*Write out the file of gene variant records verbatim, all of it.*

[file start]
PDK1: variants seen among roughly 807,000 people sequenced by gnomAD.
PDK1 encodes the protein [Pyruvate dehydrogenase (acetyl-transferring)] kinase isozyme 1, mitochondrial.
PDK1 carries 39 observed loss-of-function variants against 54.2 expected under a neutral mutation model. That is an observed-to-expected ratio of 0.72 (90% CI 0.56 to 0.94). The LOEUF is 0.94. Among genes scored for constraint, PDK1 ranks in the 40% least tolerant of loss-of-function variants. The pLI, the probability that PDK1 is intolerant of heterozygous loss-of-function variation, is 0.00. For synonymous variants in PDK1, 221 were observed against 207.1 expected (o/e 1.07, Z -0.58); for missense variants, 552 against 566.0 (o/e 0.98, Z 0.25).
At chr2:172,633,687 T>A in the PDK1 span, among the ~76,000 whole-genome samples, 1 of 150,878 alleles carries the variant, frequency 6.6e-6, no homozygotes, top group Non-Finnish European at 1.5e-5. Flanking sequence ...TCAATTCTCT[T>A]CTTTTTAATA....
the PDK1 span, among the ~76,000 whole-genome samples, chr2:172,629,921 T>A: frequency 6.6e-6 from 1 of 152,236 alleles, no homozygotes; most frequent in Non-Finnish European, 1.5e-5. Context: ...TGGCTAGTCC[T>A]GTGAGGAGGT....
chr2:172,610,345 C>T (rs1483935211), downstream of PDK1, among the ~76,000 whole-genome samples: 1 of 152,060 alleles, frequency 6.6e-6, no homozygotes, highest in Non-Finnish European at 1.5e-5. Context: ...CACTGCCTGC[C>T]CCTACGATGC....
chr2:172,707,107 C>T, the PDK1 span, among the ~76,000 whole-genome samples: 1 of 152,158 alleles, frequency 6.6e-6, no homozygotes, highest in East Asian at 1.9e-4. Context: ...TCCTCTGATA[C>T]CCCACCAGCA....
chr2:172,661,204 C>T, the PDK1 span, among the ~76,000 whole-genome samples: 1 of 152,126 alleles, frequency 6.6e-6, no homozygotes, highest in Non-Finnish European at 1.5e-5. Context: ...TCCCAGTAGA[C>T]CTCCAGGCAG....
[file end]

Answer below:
PDK1: variants seen among roughly 807,000 people sequenced by gnomAD.
PDK1 encodes the protein [Pyruvate dehydrogenase (acetyl-transferring)] kinase isozyme 1, mitochondrial.
PDK1 carries 39 observed loss-of-function variants against 54.2 expected under a neutral mutation model. That is an observed-to-expected ratio of 0.72 (90% CI 0.56 to 0.94). The LOEUF is 0.94. Among genes scored for constraint, PDK1 ranks in the 40% least tolerant of loss-of-function variants. The pLI, the probability that PDK1 is intolerant of heterozygous loss-of-function variation, is 0.00. For synonymous variants in PDK1, 221 were observed against 207.1 expected (o/e 1.07, Z -0.58); for missense variants, 552 against 566.0 (o/e 0.98, Z 0.25).
At chr2:172,633,687 T>A in the PDK1 span, among the ~76,000 whole-genome samples, 1 of 150,878 alleles carries the variant, frequency 6.6e-6, no homozygotes, top group Non-Finnish European at 1.5e-5. Flanking sequence ...TCAATTCTCT[T>A]CTTTTTAATA....
the PDK1 span, among the ~76,000 whole-genome samples, chr2:172,629,921 T>A: frequency 6.6e-6 from 1 of 152,236 alleles, no homozygotes; most frequent in Non-Finnish European, 1.5e-5. Context: ...TGGCTAGTCC[T>A]GTGAGGAGGT....
chr2:172,610,345 C>T (rs1483935211), downstream of PDK1, among the ~76,000 whole-genome samples: 1 of 152,060 alleles, frequency 6.6e-6, no homozygotes, highest in Non-Finnish European at 1.5e-5. Context: ...CACTGCCTGC[C>T]CCTACGATGC....
chr2:172,707,107 C>T, the PDK1 span, among the ~76,000 whole-genome samples: 1 of 152,158 alleles, frequency 6.6e-6, no homozygotes, highest in East Asian at 1.9e-4. Context: ...TCCTCTGATA[C>T]CCCACCAGCA....
chr2:172,661,204 C>T, the PDK1 span, among the ~76,000 whole-genome samples: 1 of 152,126 alleles, frequency 6.6e-6, no homozygotes, highest in Non-Finnish European at 1.5e-5. Context: ...TCCCAGTAGA[C>T]CTCCAGGCAG....